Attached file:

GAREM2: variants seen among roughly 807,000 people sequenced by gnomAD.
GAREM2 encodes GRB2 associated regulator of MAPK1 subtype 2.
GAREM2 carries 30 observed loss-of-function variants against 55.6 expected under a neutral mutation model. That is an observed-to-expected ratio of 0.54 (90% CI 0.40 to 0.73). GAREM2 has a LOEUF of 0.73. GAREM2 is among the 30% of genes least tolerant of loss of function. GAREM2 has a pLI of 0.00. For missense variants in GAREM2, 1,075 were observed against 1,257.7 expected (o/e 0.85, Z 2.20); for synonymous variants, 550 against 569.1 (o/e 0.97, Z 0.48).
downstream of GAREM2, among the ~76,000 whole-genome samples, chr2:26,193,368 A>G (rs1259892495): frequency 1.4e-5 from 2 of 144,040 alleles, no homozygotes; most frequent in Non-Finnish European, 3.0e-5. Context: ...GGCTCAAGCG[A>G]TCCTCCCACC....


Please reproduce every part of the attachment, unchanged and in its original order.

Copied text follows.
GAREM2: variants seen among roughly 807,000 people sequenced by gnomAD.
GAREM2 encodes GRB2 associated regulator of MAPK1 subtype 2.
GAREM2 carries 30 observed loss-of-function variants against 55.6 expected under a neutral mutation model. That is an observed-to-expected ratio of 0.54 (90% CI 0.40 to 0.73). GAREM2 has a LOEUF of 0.73. GAREM2 is among the 30% of genes least tolerant of loss of function. GAREM2 has a pLI of 0.00. For missense variants in GAREM2, 1,075 were observed against 1,257.7 expected (o/e 0.85, Z 2.20); for synonymous variants, 550 against 569.1 (o/e 0.97, Z 0.48).
downstream of GAREM2, among the ~76,000 whole-genome samples, chr2:26,193,368 A>G (rs1259892495): frequency 1.4e-5 from 2 of 144,040 alleles, no homozygotes; most frequent in Non-Finnish European, 3.0e-5. Context: ...GGCTCAAGCG[A>G]TCCTCCCACC....